# On the Intersection of 1+x and e^x and Trigonometric Consequences

### Problem

Find all $x\in (0,2\pi )$ such that

$\displaystyle e^{\sin x-\cos x}=\tan x.$

### Hint 1

It's never a bad idea to sketch the graphs of the two sides of a functional equation. Here's in the case at hand two graphs with different scales on $x$-axis:

### Hint 2

It is clear that on the interval $(0,2\pi )$ the graphs of $y=e^{\sin x-\cos x}$ and $y=\tan x$ intersect twice. It is less obvious that this relates to the fact that $y=2^x$ and $y=1+x$ (the former being a concave function and, therefore, the region above the graph $y=2^x$ is convex) have just two intersections:

The two graphs intersect at $x=0$ and $x=1$ such that in-between $2^x\gt 1+x$ while outside the interval $(0,1)$ $2^x\lt 1+x.$

### Solution

Assuming $x\in (0,2\pi),$ set $a=\sin x$ and $b=\cos x$ so that $\displaystyle\tan x=\frac{b}{a}.$ We have to consider several cases:

1. $\displaystyle x\in \left(0,\frac{\pi}{4}\right).$ $1\gt b\gt a\gt 0.$ It follows that $-1\lt a-b\lt 0,$ implying $\displaystyle e^{a-b}\gt 1+(a-b)\gt \frac{a}{b}.$ To see that the latter inequality holds observe that it is equivalent to $\displaystyle\frac{1}{b}(b-a)(1-b)\gt 0.$ Thus, for $\displaystyle x\in \left(0,\frac{\pi}{4}\right),$ $\displaystyle e^{\sin x-\cos x}\gt\tan x.$

2. $\displaystyle x\in \left(\frac{\pi}{4},\frac{\pi}{2}\right).$ $1\gt a\gt b\gt 0.$ It follows that $0\lt a-b\lt 1,$ implying $\displaystyle e^{a-b}\gt 1+(a-b)\lt \frac{a}{b}.$ To see that the latter inequality holds observe that it is equivalent to $\displaystyle\frac{1}{b}(b-a)(1-b)\lt 0.$ Thus, for $\displaystyle x\in \left(\frac{\pi}{4},\frac{\pi}{2}\right),$ $\displaystyle e^{\sin x-\cos x}\lt\tan x.$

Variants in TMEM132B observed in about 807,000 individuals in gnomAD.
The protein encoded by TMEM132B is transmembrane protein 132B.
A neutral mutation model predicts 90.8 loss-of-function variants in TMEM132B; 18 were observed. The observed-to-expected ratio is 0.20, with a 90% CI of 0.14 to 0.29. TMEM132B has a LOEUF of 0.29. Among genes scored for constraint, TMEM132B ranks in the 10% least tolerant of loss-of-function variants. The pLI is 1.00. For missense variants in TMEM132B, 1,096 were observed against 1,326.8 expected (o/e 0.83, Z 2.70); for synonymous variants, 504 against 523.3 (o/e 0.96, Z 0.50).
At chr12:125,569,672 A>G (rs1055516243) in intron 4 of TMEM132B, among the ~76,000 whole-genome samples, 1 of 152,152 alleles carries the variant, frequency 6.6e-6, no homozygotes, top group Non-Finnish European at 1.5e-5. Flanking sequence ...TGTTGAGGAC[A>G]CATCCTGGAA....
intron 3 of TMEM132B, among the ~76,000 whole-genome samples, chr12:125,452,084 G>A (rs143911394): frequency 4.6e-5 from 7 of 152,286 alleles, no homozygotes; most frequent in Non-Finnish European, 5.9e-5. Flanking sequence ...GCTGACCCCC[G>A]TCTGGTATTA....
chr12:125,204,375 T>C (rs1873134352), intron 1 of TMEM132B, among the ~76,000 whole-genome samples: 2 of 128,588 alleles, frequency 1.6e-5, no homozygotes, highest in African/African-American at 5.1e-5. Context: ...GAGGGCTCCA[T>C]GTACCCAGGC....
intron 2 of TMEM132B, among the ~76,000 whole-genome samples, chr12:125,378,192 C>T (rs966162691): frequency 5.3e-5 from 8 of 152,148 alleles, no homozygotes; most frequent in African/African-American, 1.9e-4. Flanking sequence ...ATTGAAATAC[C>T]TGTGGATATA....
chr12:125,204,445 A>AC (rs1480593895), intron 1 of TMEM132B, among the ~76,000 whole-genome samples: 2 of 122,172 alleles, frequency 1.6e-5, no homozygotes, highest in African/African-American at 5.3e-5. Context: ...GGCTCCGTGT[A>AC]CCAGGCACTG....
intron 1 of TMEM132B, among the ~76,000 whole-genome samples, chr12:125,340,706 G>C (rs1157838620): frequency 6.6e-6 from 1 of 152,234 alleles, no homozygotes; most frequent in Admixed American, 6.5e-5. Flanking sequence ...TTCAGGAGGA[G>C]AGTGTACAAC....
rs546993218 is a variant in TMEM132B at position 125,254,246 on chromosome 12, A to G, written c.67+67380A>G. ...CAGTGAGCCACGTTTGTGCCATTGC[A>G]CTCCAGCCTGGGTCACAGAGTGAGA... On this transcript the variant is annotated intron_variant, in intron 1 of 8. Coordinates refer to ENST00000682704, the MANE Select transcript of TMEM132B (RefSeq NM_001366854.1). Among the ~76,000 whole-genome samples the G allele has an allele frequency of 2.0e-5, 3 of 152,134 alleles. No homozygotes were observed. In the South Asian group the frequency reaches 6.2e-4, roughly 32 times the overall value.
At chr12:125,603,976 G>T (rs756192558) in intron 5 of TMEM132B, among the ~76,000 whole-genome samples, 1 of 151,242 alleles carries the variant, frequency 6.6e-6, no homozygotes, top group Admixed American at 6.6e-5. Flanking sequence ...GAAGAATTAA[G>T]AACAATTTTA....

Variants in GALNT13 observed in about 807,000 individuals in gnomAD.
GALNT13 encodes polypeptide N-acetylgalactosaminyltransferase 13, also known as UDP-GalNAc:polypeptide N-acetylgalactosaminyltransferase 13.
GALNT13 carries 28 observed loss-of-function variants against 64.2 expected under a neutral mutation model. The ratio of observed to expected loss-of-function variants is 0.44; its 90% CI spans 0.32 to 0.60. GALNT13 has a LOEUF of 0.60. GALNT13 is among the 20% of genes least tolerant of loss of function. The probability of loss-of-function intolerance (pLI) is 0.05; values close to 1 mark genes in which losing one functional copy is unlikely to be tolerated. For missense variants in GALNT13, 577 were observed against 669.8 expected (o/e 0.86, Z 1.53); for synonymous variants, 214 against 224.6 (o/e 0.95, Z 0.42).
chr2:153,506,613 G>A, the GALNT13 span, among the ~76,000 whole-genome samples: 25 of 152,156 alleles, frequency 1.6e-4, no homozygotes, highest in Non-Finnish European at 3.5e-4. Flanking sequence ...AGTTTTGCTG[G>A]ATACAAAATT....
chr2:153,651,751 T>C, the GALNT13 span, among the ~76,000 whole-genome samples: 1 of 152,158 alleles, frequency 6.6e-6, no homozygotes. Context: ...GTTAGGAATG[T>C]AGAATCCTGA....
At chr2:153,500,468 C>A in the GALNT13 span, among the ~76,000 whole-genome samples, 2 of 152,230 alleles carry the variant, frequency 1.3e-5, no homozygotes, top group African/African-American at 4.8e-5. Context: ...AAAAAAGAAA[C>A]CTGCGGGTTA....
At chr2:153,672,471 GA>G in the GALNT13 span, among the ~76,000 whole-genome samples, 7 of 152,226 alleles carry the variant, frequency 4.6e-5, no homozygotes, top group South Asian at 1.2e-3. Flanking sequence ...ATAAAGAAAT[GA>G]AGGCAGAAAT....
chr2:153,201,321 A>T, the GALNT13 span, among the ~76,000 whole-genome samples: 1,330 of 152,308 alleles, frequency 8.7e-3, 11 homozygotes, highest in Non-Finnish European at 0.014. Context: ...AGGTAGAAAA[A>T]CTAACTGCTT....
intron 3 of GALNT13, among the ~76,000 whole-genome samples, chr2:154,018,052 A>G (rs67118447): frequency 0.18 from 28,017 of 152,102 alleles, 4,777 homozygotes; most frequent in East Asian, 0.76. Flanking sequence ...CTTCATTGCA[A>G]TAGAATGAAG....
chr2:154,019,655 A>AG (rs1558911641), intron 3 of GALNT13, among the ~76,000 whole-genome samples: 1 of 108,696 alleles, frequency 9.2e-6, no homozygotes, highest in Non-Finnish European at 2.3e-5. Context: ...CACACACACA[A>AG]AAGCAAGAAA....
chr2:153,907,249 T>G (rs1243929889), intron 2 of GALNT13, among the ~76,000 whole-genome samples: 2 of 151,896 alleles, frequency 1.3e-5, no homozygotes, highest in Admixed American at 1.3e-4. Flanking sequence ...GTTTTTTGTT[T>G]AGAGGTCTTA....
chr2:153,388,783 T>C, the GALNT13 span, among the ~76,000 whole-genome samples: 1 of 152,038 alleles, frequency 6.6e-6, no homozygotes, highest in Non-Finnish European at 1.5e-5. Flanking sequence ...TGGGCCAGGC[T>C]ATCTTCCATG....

The above gives one solution $\displaystyle x=\frac{\pi}{4}.$

There is no solution in $\displaystyle x\in \left(\frac{\pi}{2},\pi\right)$ where $\sin x$ and $e^{\sin x-\cos x}$ are positive while $\cos x$ and $\tan x$ are negative. Then there is a solution $\displaystyle x=\frac{5\pi}{4}$ in the third quadrant and no solutions in the fourth one.

### Generalization

The solutions to the original equation are attained at $x$ for which $\sin x=\cos x,$ so that both $e^{\sin x-\cos x}$ and $\tan x$ equal $1.$

These same $x$ solve the whole families of equations $(n\ge 1):$

$\displaystyle e^{\sin^{n} x-\cos^{n} x}=\tan^{n} x.$

and

$\displaystyle e^{\sin^{n} x-\cos^{n} x}=\tan x.$

As a hint, below are the graphs with $n=2$ for the second and first case (in this order.)

### Second solution

The function $\displaystyle f(x)=\frac{e^x}{x}$ is decreasing and negative on $[-1,0),$ decreasing and positive on $(0,1].$

Thus $\displaystyle\frac{e^u}{u}=\frac{e^v}{v},$ with $u = \sin x,$ and $v = \cos x,$ is possible if and only if $u = v.$

(It can be verified that $\displaystyle f'(x)=\frac{(x-1)2^{x}}{x^2}\lt 0$ on $[-1,0)\cup (0,1]).$

### For Extra Credit

Solving $\displaystyle a^{\sin^{n} x-\cos^{n} x}=\tan^{n} x,$ $\displaystyle a\in [\frac{1}{e},1)\cup (1,e])$ is practically the same as the above.

### Acknowledgment

This is a problem from Dan Sitaru's book "Math Accent" that was posted, along with the solution, by Leo Giugiuc at the CutTheKnotMath facebook page. The second solution has been posted by Grégoire Nicollier in the comments area below and by Cristinel Mortici at the CutTheKnotMath facebook page. Dan Sitaru, Cristenel Mortici, Leo Giugiuc get extra credit for expanding the original problems to solving $\displaystyle a^{\sin^{n} x-\cos^{n} x}=\tan^{n} x.$

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